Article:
As hospital operations shift towards software-as-a-service (SaaS), there is a greater need for increased cloud security measures. Without endpoint security measures in place, every single user and program that interacts with a cloud network could be used to launch an attack. Here are some precautions to protect the cloud from data breaches:
- Educate employees on how to avoid data compromise and report suspicious activities.
- Create data security standards and update them regularly.
- Monitor the network round-the-clock remotely.
- Have a robust data backup and recovery protocol.
Cloud-based biometric solutions use a person's unique characteristics captured in a picture or template to authenticate their identity and provide them access. These new technologies—voice recognition, iris scanning, face recognition, and fingerprint storage—promise to offer an added layer to multi-factor security, which ultimately should create safer and more secure environments. As biometric security is handled by third-party providers, they should be made tamper-proof.
The Internet of Things
The numbers are staggering—as of 2019, more than 82% of healthcare organizations had experienced an IoT-based cyberattack, with 30% of those incidents directly threatening end-user safety.
By the beginning of 2022, it was reported that as many as 70% of all medical devices were still running outdated and vulnerable versions of Microsoft Windows.
To safeguard against IoT attacks, it is important to:
- Change the name of the router settings given by the manufacturer.
- Change all the default and privacy security settings of the wifi network.
- Keep your software and firmware updated.
- Choose a strong password.
- Disconnect IoT devices when not in use.
- Turn off the universal plug-and-play.
Supply chain vulnerabilities
Modern organizations need to be responsible not only for safeguarding their system resources but being sure that their partner’s systems are up to snuff. Supply chain attacks in healthcare endanger personal, medical, institutional, and financial data. Here are the best practices toward off cyber attacks and limit the damage third-party interactions can wreak:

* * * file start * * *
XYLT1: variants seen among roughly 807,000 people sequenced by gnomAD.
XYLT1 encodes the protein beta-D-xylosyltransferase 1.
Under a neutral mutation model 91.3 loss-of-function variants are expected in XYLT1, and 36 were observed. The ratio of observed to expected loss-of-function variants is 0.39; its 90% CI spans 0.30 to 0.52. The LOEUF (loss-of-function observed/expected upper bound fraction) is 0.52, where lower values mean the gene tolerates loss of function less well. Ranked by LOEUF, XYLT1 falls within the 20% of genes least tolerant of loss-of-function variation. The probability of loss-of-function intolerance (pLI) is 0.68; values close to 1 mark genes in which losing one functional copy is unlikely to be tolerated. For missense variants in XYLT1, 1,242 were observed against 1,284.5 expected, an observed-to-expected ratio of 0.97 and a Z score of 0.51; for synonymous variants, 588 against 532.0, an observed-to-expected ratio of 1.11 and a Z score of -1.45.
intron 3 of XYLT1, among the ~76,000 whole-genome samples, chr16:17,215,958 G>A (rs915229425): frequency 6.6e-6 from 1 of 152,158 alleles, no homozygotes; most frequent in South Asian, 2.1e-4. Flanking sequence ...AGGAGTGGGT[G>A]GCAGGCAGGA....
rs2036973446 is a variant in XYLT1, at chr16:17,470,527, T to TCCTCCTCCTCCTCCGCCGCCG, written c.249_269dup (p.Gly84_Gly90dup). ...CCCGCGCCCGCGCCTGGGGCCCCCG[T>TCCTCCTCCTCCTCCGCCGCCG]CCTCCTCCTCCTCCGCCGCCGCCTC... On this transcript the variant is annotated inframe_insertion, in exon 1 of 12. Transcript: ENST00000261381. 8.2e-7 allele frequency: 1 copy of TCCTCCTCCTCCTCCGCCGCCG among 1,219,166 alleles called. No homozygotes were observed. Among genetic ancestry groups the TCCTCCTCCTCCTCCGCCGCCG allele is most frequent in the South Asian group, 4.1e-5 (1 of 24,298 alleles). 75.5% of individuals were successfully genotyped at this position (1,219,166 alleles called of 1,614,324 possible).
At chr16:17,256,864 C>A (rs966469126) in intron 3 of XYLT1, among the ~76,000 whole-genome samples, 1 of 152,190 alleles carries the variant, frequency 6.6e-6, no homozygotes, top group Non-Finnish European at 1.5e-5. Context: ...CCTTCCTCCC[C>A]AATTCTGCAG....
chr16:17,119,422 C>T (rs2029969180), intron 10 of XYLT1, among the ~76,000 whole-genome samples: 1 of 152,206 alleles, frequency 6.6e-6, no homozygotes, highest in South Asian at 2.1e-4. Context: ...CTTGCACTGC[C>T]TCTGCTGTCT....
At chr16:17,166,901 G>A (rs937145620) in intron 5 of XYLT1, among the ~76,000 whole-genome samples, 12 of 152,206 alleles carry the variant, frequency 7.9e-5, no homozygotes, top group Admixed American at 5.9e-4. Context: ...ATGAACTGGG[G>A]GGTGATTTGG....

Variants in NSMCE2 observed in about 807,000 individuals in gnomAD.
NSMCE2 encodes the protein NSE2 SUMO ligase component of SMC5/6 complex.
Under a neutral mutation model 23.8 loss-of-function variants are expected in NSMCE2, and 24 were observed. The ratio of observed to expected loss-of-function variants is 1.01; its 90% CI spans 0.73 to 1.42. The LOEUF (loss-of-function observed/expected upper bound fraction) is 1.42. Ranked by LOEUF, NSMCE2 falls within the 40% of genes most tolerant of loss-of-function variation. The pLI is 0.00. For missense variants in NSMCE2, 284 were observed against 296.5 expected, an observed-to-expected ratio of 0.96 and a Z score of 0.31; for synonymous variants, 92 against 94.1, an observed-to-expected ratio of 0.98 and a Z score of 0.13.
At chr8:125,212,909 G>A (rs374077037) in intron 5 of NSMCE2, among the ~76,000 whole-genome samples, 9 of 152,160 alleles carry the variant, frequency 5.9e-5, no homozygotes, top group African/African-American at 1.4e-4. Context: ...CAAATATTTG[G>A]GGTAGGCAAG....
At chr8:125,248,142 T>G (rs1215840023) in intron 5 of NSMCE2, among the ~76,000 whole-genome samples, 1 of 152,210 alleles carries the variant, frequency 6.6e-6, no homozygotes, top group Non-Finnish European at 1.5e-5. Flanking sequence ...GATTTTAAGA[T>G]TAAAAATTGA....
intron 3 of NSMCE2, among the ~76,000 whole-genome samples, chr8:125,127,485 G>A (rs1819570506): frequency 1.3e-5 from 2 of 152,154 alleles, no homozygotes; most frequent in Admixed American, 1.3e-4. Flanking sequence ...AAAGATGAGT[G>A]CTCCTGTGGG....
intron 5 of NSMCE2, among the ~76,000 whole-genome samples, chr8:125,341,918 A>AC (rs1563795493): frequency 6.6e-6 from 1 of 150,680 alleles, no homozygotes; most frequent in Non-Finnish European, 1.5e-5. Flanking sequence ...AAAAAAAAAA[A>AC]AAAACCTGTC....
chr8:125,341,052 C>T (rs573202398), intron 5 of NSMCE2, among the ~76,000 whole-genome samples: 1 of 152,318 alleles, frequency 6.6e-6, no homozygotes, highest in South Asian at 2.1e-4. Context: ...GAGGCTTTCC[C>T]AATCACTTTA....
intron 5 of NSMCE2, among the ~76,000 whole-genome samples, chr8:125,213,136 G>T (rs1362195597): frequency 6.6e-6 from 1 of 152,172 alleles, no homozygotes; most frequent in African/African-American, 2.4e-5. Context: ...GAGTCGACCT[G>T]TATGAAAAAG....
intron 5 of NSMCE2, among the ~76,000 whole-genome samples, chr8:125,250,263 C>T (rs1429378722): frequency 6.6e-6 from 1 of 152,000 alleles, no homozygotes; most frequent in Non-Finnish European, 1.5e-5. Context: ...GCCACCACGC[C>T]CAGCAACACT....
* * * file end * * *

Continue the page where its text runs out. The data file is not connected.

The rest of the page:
- Implement a zero-trust architecture.
- Plant honey tokens -fake resources posing as sensitive data.
- Secure privileged access with both external and internal defenses.
Healthcare enterprises enlist expert services to implement zero-trust architecture
Social engineering operations
Insider threat remains one of the most significant cyber security attack vectors facing healthcare providers. All it takes is one employee to click a single link, and attackers can gain lateral access to system resources within a matter of seconds. So, enterprises should identify, prioritize, and remediate security flaws in both the physical and digital ecosystems.
The best defense is to take offensive security measures:
- Penetration testing: an authorized simulated attack performed on a computer system to evaluate its security.
- Vulnerability management: an ongoing, regular process of identifying, assessing, reporting on, managing, and remediating cyber vulnerabilities across endpoints, workloads, and systems.
- Adversary simulation: impersonating the actions of cyber attackers to get a feedback loop from the organization’s security stack and strengthen it.
Digital health ecosystems
As health providers develop digital health ecosystems across consumer and business-facing applications, cybersecurity needs to be a top-line priority. Connected health systems provide a great deal of flexibility that matches consumer expectations and demands. However, the fastest way to erase record profits is to find your healthcare organization embroiled in the latest scandal involving the loss of PHI.
To avoid theft of PHI:
- Adopt proactive security policies, including an incident readiness and response plan.
- Appoint a chief information security officer to elevate the maturity of security.
- Integrate security into the business practice.
- Embed security features across the workflows of the organization.
Gain real-time visibility and take preventive action
Adequately addressing the persistent threat of cybercrime requires enterprise-wide ingenuity, substantial financial investment, and considered attention to ensure that vital hardware, software, technologies, devices, and critical IT infrastructure are safeguarded against malicious actors.
In today’s heightened threat environment, it is essential for enterprises to gain real-time visibility into all the activity taking place across their networks, including data paths and all touchpoints with patients, customers, suppliers, and partners.
Achieving robust digital resilience through custom software development services empowers organizations to identify, understand, and respond to cyber risks before they exceed corporate risk management criteria.